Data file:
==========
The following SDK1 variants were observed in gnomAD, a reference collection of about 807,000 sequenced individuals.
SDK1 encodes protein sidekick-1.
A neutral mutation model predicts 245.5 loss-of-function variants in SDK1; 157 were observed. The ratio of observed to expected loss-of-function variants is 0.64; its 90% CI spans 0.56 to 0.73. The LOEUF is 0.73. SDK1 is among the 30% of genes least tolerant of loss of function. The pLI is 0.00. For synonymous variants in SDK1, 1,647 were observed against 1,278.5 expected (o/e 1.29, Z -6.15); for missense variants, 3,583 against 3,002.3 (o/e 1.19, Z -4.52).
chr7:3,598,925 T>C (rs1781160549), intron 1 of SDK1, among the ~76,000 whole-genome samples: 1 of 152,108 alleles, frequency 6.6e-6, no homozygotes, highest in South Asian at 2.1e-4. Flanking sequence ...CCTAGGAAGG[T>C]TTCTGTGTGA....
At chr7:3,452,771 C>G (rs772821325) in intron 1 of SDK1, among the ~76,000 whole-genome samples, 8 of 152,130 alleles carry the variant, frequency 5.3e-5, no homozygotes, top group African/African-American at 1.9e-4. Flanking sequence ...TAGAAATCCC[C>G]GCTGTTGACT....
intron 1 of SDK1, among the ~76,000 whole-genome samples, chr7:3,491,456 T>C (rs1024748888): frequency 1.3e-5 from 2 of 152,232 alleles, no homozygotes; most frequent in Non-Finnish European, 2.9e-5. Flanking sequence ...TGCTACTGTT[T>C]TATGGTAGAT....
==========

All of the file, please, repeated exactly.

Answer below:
The following SDK1 variants were observed in gnomAD, a reference collection of about 807,000 sequenced individuals.
SDK1 encodes protein sidekick-1.
A neutral mutation model predicts 245.5 loss-of-function variants in SDK1; 157 were observed. The ratio of observed to expected loss-of-function variants is 0.64; its 90% CI spans 0.56 to 0.73. The LOEUF is 0.73. SDK1 is among the 30% of genes least tolerant of loss of function. The pLI is 0.00. For synonymous variants in SDK1, 1,647 were observed against 1,278.5 expected (o/e 1.29, Z -6.15); for missense variants, 3,583 against 3,002.3 (o/e 1.19, Z -4.52).
chr7:3,598,925 T>C (rs1781160549), intron 1 of SDK1, among the ~76,000 whole-genome samples: 1 of 152,108 alleles, frequency 6.6e-6, no homozygotes, highest in South Asian at 2.1e-4. Flanking sequence ...CCTAGGAAGG[T>C]TTCTGTGTGA....
At chr7:3,452,771 C>G (rs772821325) in intron 1 of SDK1, among the ~76,000 whole-genome samples, 8 of 152,130 alleles carry the variant, frequency 5.3e-5, no homozygotes, top group African/African-American at 1.9e-4. Flanking sequence ...TAGAAATCCC[C>G]GCTGTTGACT....
intron 1 of SDK1, among the ~76,000 whole-genome samples, chr7:3,491,456 T>C (rs1024748888): frequency 1.3e-5 from 2 of 152,232 alleles, no homozygotes; most frequent in Non-Finnish European, 2.9e-5. Flanking sequence ...TGCTACTGTT[T>C]TATGGTAGAT....